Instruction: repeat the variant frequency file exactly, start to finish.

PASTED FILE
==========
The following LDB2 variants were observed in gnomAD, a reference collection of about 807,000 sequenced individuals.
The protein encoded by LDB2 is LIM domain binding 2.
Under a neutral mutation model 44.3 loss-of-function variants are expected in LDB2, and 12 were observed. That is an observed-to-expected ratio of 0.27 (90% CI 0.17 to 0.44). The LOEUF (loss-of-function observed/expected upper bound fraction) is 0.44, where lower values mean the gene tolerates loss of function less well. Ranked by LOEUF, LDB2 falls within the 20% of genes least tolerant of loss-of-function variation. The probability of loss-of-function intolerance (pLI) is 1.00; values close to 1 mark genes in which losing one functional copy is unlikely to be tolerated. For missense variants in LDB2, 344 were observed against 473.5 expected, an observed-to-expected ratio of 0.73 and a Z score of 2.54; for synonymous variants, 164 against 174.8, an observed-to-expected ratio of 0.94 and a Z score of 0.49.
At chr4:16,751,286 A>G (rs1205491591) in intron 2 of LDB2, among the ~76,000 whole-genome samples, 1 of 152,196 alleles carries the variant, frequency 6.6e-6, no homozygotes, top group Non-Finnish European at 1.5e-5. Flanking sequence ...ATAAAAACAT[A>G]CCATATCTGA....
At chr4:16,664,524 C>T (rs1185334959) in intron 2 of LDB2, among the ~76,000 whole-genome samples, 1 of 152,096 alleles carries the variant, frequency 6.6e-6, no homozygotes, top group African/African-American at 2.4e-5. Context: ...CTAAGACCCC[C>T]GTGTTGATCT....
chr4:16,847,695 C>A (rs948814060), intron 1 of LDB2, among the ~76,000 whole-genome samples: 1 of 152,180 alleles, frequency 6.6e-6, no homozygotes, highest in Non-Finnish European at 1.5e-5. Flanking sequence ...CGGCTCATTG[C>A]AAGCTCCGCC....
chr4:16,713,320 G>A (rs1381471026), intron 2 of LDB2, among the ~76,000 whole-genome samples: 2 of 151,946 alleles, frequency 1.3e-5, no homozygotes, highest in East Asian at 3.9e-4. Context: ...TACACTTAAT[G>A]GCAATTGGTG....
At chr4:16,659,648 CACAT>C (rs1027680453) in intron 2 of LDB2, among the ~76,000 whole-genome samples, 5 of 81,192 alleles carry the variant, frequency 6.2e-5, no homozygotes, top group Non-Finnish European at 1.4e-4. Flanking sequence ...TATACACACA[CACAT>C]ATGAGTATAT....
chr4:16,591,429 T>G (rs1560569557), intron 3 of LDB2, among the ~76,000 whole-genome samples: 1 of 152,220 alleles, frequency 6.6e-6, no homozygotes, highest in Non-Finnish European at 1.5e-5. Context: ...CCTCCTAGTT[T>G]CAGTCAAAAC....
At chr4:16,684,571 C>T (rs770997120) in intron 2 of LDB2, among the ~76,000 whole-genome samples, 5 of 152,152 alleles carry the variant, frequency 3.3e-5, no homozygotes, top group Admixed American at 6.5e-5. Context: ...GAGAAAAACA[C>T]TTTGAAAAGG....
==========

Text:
The following LDB2 variants were observed in gnomAD, a reference collection of about 807,000 sequenced individuals.
The protein encoded by LDB2 is LIM domain binding 2.
Under a neutral mutation model 44.3 loss-of-function variants are expected in LDB2, and 12 were observed. That is an observed-to-expected ratio of 0.27 (90% CI 0.17 to 0.44). The LOEUF (loss-of-function observed/expected upper bound fraction) is 0.44, where lower values mean the gene tolerates loss of function less well. Ranked by LOEUF, LDB2 falls within the 20% of genes least tolerant of loss-of-function variation. The probability of loss-of-function intolerance (pLI) is 1.00; values close to 1 mark genes in which losing one functional copy is unlikely to be tolerated. For missense variants in LDB2, 344 were observed against 473.5 expected, an observed-to-expected ratio of 0.73 and a Z score of 2.54; for synonymous variants, 164 against 174.8, an observed-to-expected ratio of 0.94 and a Z score of 0.49.
At chr4:16,751,286 A>G (rs1205491591) in intron 2 of LDB2, among the ~76,000 whole-genome samples, 1 of 152,196 alleles carries the variant, frequency 6.6e-6, no homozygotes, top group Non-Finnish European at 1.5e-5. Flanking sequence ...ATAAAAACAT[A>G]CCATATCTGA....
At chr4:16,664,524 C>T (rs1185334959) in intron 2 of LDB2, among the ~76,000 whole-genome samples, 1 of 152,096 alleles carries the variant, frequency 6.6e-6, no homozygotes, top group African/African-American at 2.4e-5. Context: ...CTAAGACCCC[C>T]GTGTTGATCT....
chr4:16,847,695 C>A (rs948814060), intron 1 of LDB2, among the ~76,000 whole-genome samples: 1 of 152,180 alleles, frequency 6.6e-6, no homozygotes, highest in Non-Finnish European at 1.5e-5. Flanking sequence ...CGGCTCATTG[C>A]AAGCTCCGCC....
chr4:16,713,320 G>A (rs1381471026), intron 2 of LDB2, among the ~76,000 whole-genome samples: 2 of 151,946 alleles, frequency 1.3e-5, no homozygotes, highest in East Asian at 3.9e-4. Context: ...TACACTTAAT[G>A]GCAATTGGTG....
At chr4:16,659,648 CACAT>C (rs1027680453) in intron 2 of LDB2, among the ~76,000 whole-genome samples, 5 of 81,192 alleles carry the variant, frequency 6.2e-5, no homozygotes, top group Non-Finnish European at 1.4e-4. Flanking sequence ...TATACACACA[CACAT>C]ATGAGTATAT....
chr4:16,591,429 T>G (rs1560569557), intron 3 of LDB2, among the ~76,000 whole-genome samples: 1 of 152,220 alleles, frequency 6.6e-6, no homozygotes, highest in Non-Finnish European at 1.5e-5. Context: ...CCTCCTAGTT[T>G]CAGTCAAAAC....
At chr4:16,684,571 C>T (rs770997120) in intron 2 of LDB2, among the ~76,000 whole-genome samples, 5 of 152,152 alleles carry the variant, frequency 3.3e-5, no homozygotes, top group Admixed American at 6.5e-5. Context: ...GAGAAAAACA[C>T]TTTGAAAAGG....